Happenings @ Hannon
February 2016 (Volume 6.6)
Jeff Gatten and Sadie Skeel
Welcome Jeff and Sadie!

Please join us in welcoming two new additions to our team: Associate Dean Jeff Gatten and Circulation Services Evening Supervisor Sadie Skeels.

Jeff comes to us from California Institute of the Arts where he served as Dean of the Library and Information Resources since 2004. Prior to that, Jeff was the Assistant Dean for Collection Management, Libraries and Media Services at Kent State University in Ohio.  

Sadie worked as a Bibliographic Assistant at Columbia University in New York before coming to LMU. She is currently pursuing an MLIS though the University of South Carolina's distance program.

Both Jeff and Sadie started on January 25th. You can read more about them on our blog! 
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In This Issue
Ask-An-Archivist Panel
February 10, 5:30 p.m. - 7:30 p.m.

Meet local archivists and learn about the relationship between academic researchers and professional archivists. This panel will be moderated by LMU Associate Professor of Russian History, Nigel Raab.
More details and RSVP

two students using laptops
Caring for Your Digital Shoebox
February 13, 9:30 a.m. - 11:30 a.m.

Come learn from a professional archivist how to organize and preserve your digital memories! This two-hour workshop is free, open to the public, and will be followed by a private tour of the Laband Art Gallery's exhibit, "From Clay to the Cloud: The Internet Archive and our Digital Legacy."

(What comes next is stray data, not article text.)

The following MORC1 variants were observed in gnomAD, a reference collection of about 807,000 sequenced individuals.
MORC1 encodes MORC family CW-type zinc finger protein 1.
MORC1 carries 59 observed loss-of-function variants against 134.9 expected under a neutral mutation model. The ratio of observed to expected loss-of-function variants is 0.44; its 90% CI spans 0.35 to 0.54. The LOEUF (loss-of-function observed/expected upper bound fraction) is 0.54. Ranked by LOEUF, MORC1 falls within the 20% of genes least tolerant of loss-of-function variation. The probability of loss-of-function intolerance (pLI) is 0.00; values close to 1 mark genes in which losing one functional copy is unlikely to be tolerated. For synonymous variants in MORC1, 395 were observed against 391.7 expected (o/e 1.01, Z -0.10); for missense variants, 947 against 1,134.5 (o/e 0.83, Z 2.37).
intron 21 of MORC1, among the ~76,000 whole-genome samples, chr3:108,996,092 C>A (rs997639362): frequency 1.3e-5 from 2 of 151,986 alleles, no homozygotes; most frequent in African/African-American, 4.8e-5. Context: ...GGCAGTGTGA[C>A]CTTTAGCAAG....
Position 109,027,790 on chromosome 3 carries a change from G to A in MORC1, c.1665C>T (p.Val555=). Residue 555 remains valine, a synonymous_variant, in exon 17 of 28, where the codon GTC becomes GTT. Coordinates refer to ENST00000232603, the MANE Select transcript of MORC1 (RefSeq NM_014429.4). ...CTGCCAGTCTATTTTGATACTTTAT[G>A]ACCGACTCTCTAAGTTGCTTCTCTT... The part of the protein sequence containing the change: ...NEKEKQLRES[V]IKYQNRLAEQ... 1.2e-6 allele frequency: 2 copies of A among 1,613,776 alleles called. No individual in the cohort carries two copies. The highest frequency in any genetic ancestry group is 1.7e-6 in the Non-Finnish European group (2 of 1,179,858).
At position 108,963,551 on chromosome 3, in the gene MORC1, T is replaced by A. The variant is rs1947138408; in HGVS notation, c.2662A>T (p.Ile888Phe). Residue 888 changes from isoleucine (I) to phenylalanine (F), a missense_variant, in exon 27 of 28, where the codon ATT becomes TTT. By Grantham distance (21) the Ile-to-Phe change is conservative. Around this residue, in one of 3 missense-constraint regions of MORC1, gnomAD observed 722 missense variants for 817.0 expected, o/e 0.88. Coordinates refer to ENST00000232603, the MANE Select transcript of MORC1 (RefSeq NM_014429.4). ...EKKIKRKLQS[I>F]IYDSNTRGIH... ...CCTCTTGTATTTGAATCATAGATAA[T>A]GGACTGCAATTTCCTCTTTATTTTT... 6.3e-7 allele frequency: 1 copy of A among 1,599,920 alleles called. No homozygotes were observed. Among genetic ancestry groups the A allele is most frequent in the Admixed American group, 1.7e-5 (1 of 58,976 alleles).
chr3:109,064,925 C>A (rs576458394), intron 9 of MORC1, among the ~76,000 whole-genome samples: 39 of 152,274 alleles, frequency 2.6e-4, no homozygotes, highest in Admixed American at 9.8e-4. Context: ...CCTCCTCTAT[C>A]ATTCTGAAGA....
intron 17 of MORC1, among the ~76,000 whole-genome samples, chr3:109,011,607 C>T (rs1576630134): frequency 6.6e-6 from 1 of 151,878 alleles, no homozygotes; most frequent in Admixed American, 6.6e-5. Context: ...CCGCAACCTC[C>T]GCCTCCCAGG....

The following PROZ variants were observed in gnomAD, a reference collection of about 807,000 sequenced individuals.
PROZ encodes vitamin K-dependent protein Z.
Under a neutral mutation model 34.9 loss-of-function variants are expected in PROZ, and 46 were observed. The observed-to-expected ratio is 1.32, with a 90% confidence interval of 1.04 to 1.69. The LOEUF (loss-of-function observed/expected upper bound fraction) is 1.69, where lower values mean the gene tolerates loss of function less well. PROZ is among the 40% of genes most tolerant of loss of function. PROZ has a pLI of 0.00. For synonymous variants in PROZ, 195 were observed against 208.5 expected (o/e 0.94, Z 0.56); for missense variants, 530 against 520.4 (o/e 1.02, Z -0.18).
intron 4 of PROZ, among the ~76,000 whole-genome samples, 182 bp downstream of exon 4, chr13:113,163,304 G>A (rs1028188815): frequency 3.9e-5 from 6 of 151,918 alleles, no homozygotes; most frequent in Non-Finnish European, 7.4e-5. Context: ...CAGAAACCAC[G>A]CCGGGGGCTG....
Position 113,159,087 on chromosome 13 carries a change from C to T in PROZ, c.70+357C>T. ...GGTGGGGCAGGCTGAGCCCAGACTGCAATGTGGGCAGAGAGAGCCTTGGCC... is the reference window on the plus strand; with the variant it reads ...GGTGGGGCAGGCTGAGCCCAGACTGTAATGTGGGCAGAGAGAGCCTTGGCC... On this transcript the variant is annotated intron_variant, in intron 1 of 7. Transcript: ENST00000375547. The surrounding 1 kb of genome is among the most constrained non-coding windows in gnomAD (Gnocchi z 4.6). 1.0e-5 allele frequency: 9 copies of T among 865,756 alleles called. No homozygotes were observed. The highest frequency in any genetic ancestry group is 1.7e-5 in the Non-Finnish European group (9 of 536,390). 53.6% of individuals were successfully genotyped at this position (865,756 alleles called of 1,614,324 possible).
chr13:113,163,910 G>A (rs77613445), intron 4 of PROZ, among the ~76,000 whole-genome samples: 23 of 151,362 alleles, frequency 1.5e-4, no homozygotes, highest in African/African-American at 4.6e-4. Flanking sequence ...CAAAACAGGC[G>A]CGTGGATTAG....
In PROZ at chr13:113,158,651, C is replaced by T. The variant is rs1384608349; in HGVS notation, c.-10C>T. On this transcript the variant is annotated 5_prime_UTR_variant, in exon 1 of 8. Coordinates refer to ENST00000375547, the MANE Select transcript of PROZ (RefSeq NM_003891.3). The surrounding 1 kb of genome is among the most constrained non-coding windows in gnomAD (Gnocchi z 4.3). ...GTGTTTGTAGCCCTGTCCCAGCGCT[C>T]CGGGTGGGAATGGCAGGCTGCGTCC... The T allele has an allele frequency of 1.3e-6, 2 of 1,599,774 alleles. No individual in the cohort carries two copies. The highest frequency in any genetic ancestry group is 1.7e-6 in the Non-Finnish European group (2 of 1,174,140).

Yongsun Paik
Faculty Pub Night: Yongsun Paik
February 16, 5:30 p.m. - 7:00 p.m.

Our second Faculty Pub Night of Spring 2016 will feature Yongsun Paik, Professor of International Business and Management at LMU's College of Business Administration. Professor Paik will discuss his recently co-authored work, Managing a Global Workforce: Challenges and Opportunities in International Human Resource Management. 
Image from Tanner Manuscript
On Display: Tanner Book of Jesuit Martyrs (1675)
February 17, 3:00 p.m. - 5:00 p.m.

Prior to a public lecture in the Von der Ahe Suite by Sébastien Côté (Department of French, Carleton University, Ottawa), we will be showcasing a 1675 printing of a book of Jesuit martrys by Mathais Tanner. The book will be on display in the Archives & Special Collections Reading Room.
More details

A bride for one night
Sunday Jewish Book Group: A Bride for One Night
February 21, 2:00 p.m. - 3:30 p.m.

Join us each month for a unique opportunity to meet faculty, staff, students, and community members with similar intellectual interests. This month, Dr. Judy Siker (LMU Theological Studies) will moderate a discussion of Ruth Calderon's A Bride for One Night: Talmud Tales.
More details and RSVP

Del Valle banner
Current and Upcoming Exhibitions

There is a lot happening this month in the library! We just opened our Spring 2016 exhibition, "The Del Valle Vestments: The Devotion and Performance of a Matriarchy." Stop by later in February to see a display of Sikh musical instruments and student works from the LMU Family of Schools ArtWalk.
Learn more

Featured Article
african american titles
African American History Resources in the Curriculum Materials Collection
By Carol Raby